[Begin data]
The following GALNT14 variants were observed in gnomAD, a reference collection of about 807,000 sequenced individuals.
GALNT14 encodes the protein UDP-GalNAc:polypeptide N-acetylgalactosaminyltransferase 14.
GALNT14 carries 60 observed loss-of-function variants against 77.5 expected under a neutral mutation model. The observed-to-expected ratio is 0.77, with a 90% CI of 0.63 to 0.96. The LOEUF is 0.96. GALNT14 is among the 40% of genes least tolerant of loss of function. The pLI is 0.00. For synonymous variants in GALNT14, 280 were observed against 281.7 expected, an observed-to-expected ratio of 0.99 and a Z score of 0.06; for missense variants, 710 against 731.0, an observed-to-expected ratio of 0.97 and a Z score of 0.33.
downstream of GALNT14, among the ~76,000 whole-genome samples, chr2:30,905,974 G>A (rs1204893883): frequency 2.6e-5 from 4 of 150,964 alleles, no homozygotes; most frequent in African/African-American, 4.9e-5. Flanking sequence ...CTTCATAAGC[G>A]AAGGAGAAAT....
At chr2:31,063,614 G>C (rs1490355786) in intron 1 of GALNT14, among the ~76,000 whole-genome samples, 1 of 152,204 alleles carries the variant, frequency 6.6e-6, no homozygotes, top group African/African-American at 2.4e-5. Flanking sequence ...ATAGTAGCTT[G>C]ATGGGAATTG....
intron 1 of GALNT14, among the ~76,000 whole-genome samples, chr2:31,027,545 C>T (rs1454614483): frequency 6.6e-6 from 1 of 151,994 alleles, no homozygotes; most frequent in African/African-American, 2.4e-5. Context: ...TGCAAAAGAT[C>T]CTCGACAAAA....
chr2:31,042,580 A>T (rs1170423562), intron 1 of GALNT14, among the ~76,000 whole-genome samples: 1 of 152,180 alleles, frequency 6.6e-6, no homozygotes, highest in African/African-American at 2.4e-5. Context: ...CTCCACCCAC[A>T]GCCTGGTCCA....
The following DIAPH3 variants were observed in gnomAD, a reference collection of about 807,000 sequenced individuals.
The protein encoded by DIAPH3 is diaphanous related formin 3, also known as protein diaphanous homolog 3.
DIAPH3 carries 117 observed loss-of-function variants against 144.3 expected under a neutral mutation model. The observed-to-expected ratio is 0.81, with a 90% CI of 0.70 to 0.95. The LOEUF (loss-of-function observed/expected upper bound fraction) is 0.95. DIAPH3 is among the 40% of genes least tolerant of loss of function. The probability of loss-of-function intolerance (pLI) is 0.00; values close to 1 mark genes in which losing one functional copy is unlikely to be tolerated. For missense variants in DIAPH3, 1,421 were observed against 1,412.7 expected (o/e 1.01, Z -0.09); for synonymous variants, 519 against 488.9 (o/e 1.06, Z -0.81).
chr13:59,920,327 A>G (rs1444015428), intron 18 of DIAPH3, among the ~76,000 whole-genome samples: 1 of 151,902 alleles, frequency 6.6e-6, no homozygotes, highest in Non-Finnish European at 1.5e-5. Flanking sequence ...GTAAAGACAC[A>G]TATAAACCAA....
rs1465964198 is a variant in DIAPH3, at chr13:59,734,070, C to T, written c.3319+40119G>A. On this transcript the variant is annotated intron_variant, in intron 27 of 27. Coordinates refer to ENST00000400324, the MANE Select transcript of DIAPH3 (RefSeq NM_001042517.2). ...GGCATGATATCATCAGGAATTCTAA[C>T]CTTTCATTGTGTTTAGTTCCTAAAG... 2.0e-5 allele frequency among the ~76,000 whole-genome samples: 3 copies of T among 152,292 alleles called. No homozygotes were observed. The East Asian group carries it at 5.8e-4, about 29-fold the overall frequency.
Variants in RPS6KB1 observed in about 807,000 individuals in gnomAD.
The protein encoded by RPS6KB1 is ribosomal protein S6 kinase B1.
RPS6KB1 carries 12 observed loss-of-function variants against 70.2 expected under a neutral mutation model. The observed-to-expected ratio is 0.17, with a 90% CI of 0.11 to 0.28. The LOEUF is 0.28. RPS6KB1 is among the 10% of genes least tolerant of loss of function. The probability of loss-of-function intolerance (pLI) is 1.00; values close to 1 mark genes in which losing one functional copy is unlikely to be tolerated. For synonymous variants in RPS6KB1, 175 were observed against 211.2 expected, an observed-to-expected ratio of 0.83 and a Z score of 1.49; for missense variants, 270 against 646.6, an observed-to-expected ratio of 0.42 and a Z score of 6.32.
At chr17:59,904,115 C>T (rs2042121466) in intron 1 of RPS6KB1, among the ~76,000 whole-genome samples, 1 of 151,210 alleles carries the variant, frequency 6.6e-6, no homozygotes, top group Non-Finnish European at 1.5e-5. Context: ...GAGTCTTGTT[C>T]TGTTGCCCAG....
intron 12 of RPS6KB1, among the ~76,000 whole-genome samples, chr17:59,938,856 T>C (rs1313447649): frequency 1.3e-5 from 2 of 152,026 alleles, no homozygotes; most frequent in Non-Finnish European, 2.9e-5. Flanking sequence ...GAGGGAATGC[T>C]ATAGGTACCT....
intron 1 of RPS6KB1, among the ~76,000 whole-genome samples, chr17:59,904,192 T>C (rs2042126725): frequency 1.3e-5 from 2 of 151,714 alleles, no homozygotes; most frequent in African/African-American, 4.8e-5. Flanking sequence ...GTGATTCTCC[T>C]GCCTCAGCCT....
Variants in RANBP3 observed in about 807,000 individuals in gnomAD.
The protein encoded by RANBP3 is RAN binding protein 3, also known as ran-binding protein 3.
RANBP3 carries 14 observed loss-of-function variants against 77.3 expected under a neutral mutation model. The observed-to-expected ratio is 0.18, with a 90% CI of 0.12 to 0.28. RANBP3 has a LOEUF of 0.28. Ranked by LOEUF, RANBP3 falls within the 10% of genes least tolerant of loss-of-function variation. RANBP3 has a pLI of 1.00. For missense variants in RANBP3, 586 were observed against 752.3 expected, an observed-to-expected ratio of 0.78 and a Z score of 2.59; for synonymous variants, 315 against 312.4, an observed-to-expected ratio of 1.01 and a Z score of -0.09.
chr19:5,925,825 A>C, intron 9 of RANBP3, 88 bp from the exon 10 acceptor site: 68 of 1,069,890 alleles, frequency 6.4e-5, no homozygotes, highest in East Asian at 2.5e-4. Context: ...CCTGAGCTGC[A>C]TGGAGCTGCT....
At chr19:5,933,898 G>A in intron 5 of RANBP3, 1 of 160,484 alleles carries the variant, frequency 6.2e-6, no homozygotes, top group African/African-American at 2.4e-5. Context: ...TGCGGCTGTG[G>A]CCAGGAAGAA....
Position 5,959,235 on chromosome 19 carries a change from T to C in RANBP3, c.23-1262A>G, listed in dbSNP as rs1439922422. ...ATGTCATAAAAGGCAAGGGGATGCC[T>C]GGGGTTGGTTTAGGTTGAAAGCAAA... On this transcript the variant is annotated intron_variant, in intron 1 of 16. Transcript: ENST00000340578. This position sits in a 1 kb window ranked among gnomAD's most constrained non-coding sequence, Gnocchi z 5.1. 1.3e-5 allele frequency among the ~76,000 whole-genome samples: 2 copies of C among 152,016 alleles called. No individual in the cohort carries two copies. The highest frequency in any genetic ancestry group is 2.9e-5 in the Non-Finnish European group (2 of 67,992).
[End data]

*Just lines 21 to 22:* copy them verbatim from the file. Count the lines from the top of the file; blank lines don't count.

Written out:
RANBP3 carries 14 observed loss-of-function variants against 77.3 expected under a neutral mutation model. The observed-to-expected ratio is 0.18, with a 90% CI of 0.12 to 0.28. RANBP3 has a LOEUF of 0.28. Ranked by LOEUF, RANBP3 falls within the 10% of genes least tolerant of loss-of-function variation. RANBP3 has a pLI of 1.00. For missense variants in RANBP3, 586 were observed against 752.3 expected, an observed-to-expected ratio of 0.78 and a Z score of 2.59; for synonymous variants, 315 against 312.4, an observed-to-expected ratio of 1.01 and a Z score of -0.09.
chr19:5,925,825 A>C, intron 9 of RANBP3, 88 bp from the exon 10 acceptor site: 68 of 1,069,890 alleles, frequency 6.4e-5, no homozygotes, highest in East Asian at 2.5e-4. Context: ...CCTGAGCTGC[A>C]TGGAGCTGCT....